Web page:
Immigration Issues

Rating Environmental Groups on Immigration (2009)

FAIR is calling on environmental groups to join us in open, honest public discussion about immigration’s impact on U.S. population growth and the environment.

picture of waterfall

In just the last decade, the U.S. population has grown 13 percent—and 85 percent in the last 50 years. That population growth has put an enormous strain on already overburdened U.S. water and energy supplies and other natural resources. It’s fueling sprawl by escalating pressure for new housing developments, more roads, and strip malls that inevitably encroach on wildlife habitat. Our sprawling urban areas are encroaching on fragile coastal wetlands and paving over farmland at alarming rates in order to meet the needs of a constantly increasing population.

Environmentalists agree that population growth is a serious issue but many don’t speak out publicly for fear of alienating the social, economic and religious constituencies who support continued population growth. This is particularly true when immigration reform enters the discussion. Thus, it often goes unmentioned that Census Bureau data shows that over 80 percent of future U.S. population growth will be due to immigration.

Even as immigration-driven population growth is swallowing up open space, taxing the environment, and causing increased pollution, waste, habitat destruction, and deforestation across the country, America’s leading environmental groups are remaining silent.

In some cases this silence can be attributed directly to pressure from elite donors. So it was when investor David Gelbaum donated $101.5 million to the Sierra Club in 2001.

Read more about the scandalous submission of top environmental groups to corporate and private donors in: Green, Inc. An Environmental Insider Reveals How a Good Cause Has Gone Bad, by Christine MacDonald (The Lyons Press, 2008).

Gelbaum was already a substantial donor in 1995, when he told the Sierra Club, “[I]f they ever came out anti-immigration, they would never get a dollar from me.”1 The next year, the Sierra Club Board of Directors adopted a policy of silence, stating: “The Sierra Club, its entities, and those speaking in its name will take no position on immigration levels or on policies governing immigration into the United States.”2

Despite pressure from its members to confront the issue of immigration, the Sierra Club has maintained its silence, for which it was richly rewarded by David Gelbaum.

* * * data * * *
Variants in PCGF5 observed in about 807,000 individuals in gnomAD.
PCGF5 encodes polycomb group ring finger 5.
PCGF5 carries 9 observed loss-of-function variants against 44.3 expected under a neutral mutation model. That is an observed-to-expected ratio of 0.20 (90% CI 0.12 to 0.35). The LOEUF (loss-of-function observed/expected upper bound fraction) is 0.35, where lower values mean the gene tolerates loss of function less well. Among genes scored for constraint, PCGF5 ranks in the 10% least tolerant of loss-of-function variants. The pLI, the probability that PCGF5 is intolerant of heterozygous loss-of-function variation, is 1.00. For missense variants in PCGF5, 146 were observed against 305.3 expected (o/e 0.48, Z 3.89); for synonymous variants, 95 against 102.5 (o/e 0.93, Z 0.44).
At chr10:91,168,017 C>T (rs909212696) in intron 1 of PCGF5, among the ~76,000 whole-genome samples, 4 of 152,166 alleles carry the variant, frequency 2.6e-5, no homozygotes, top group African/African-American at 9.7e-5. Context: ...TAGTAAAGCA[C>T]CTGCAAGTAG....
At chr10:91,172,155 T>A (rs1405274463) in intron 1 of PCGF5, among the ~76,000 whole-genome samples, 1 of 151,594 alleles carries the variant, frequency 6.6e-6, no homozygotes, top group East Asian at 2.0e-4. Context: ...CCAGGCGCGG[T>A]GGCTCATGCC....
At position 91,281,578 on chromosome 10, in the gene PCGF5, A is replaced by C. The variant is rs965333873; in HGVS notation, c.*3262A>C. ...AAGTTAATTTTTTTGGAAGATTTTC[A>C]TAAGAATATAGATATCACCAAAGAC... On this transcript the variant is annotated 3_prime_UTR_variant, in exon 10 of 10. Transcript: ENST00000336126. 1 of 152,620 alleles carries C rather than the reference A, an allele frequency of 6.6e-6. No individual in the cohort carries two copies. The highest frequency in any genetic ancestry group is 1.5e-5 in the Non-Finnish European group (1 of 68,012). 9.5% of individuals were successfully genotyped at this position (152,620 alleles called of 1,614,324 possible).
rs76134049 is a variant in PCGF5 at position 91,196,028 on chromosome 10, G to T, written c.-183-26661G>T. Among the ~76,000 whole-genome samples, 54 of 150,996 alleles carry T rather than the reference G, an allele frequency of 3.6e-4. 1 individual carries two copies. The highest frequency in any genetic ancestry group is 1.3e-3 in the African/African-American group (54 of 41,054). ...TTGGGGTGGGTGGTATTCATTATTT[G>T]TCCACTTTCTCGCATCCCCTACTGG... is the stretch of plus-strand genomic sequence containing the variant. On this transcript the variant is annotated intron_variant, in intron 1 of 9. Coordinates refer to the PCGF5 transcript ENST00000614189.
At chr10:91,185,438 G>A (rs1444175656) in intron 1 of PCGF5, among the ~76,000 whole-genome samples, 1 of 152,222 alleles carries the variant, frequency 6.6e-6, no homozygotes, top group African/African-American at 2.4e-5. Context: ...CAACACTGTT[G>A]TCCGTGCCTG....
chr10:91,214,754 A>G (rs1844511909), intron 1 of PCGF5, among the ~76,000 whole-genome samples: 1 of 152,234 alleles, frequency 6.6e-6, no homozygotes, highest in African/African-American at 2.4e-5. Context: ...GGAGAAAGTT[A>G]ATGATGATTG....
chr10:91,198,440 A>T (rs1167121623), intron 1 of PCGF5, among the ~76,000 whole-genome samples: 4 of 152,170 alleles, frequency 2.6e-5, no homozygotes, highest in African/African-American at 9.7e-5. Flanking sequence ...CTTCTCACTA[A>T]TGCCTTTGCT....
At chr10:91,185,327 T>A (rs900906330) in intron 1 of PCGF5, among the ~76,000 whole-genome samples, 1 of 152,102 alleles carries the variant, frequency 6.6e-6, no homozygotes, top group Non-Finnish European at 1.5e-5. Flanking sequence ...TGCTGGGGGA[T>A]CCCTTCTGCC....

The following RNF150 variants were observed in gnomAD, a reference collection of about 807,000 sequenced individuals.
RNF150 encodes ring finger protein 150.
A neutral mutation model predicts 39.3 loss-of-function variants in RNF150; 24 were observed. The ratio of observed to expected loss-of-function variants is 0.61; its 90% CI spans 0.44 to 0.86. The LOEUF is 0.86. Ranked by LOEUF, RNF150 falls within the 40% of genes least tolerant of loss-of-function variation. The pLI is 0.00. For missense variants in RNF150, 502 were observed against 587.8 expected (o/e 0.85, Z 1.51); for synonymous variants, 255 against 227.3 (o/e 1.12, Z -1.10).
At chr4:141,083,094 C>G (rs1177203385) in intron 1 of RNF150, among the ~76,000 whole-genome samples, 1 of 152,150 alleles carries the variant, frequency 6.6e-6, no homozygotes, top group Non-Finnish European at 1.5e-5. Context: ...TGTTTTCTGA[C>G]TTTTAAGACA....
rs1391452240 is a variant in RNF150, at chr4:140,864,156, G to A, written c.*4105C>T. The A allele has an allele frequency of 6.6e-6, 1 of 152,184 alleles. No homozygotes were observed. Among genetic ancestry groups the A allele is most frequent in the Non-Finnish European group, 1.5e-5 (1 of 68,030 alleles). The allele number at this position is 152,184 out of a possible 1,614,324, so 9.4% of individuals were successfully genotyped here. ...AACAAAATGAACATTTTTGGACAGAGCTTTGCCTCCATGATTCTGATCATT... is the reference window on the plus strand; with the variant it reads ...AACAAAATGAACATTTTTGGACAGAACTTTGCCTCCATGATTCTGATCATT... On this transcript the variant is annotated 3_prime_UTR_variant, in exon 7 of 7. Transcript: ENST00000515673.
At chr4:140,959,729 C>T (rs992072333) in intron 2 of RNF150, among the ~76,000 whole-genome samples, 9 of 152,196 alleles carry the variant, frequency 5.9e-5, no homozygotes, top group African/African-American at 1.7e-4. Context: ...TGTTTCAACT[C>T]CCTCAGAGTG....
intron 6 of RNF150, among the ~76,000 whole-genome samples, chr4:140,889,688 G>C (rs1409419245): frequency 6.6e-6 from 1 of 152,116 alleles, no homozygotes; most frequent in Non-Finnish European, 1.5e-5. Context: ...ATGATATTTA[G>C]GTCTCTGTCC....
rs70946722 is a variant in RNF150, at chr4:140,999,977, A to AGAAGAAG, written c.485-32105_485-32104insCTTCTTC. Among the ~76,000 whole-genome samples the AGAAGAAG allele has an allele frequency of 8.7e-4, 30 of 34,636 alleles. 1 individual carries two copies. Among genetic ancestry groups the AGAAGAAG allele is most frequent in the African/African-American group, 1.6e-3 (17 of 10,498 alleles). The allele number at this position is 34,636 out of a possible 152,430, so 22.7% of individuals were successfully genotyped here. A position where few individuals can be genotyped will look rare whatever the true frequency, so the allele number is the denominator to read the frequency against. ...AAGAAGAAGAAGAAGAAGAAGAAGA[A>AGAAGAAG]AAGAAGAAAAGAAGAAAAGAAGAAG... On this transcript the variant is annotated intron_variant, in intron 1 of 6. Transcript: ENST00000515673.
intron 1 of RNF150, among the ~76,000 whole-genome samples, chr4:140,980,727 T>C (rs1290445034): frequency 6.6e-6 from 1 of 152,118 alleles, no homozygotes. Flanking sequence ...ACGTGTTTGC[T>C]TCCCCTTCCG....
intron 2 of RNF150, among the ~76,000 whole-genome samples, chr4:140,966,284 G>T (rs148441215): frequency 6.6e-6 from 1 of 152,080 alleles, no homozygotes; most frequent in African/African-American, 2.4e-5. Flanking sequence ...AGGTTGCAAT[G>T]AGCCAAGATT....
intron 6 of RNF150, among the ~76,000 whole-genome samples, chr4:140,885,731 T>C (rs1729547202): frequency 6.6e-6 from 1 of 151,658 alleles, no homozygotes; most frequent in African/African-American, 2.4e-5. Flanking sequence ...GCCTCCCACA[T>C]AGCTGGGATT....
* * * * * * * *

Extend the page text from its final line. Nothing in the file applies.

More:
“The leadership are fooling themselves. Overpopulation is a very serious problem, and overimmigration is a big part of it. We must address both. We can’t ignore either.”
—David Brower
first executive director of the Sierra Club, July 1998

FAIR examined the stances of 25 environmental groups on immigration and population growth. We scrutinized official publications, board resolutions, web sites, position papers, and in some cases spoke directly with organizations’ staff.

Of the 25 organizations examined, 19 talked about overpopulation, and 15 addressed it as a problem in the United States.

Read more about the scandalous submission of top environmental groups to corporate and private donors in: Green, Inc. An Environmental Insider Reveals How a Good Cause Has Gone Bad, by Christine MacDonald (The Lyons Press, 2008).

Read more about the scandalous submission of top environmental groups to corporate and private donors in: Green, Inc. An Environmental Insider Reveals How a Good Cause Has Gone Bad, by Christine MacDonald (The Lyons Press, 2008).

But while some groups did acknowledge immigration as a major source of U.S. population growth, most shied away from advocating immigration reduction as a solution.

The Sierra Club isn’t alone in its reluctance to tackle immigration. Most environmental groups attempt to talk their way around the problem. They insist that reducing consumption and increasing regulations will negate the impact of immigration-led overpopulation. But we can’t legislate our way out of the problems caused by population pressure. President Clinton’s Council on Sustainable Development found that we would all have to cut our consumption by half—a highly unlikely scenario—just to keep up with population growth.3

The factors that deter open discussion of immigration are varied. Many groups want to avoid the controversy that comes from discussing immigration reform. Others fear offending major donors that are sympathetic to, or profit from, immigration. No one wants to be labeled as racist for their opposition to unsustainable immigration levels.

Unfortunately, environmentalists’ reluctance to confront this difficult issue benefits the special interests that profit when open debate is stifled—and leaves the rest of us, and our environment, out to dry.

We owe it to our children and grandchildren to take an honest, responsible look at immigration policy. That doesn’t mean abandoning our humanitarian obligations to those in other countries seeking a better life. But we can’t solve the world’s problems by importing a tiny fraction of the millions who would like to come here; instead, we’ll need to solve problems where people live and help them turn their countries into places that people aren’t driven to leave.

U.S. immigration policy must be designed to ensure a healthy and sustainable future for our country.

This Earth Day, let’s tell national environmental groups to end the silence and start putting our environmental future first.

FAIR examined the stances of various environmental groups on overpopulation and immigration. Here’s what we found:


View Table >

June 2009


  1. Kenneth R. Weiss, "The Man Behind the Land," The Los Angeles Times, October 27, 2004.
  2. Sierra Club’s official position on immigration,
    http://www.sierraclub.org/policy/conservation/immigration.pdf.
  3. Report of the President’s Council on Sustainable Development, 1996.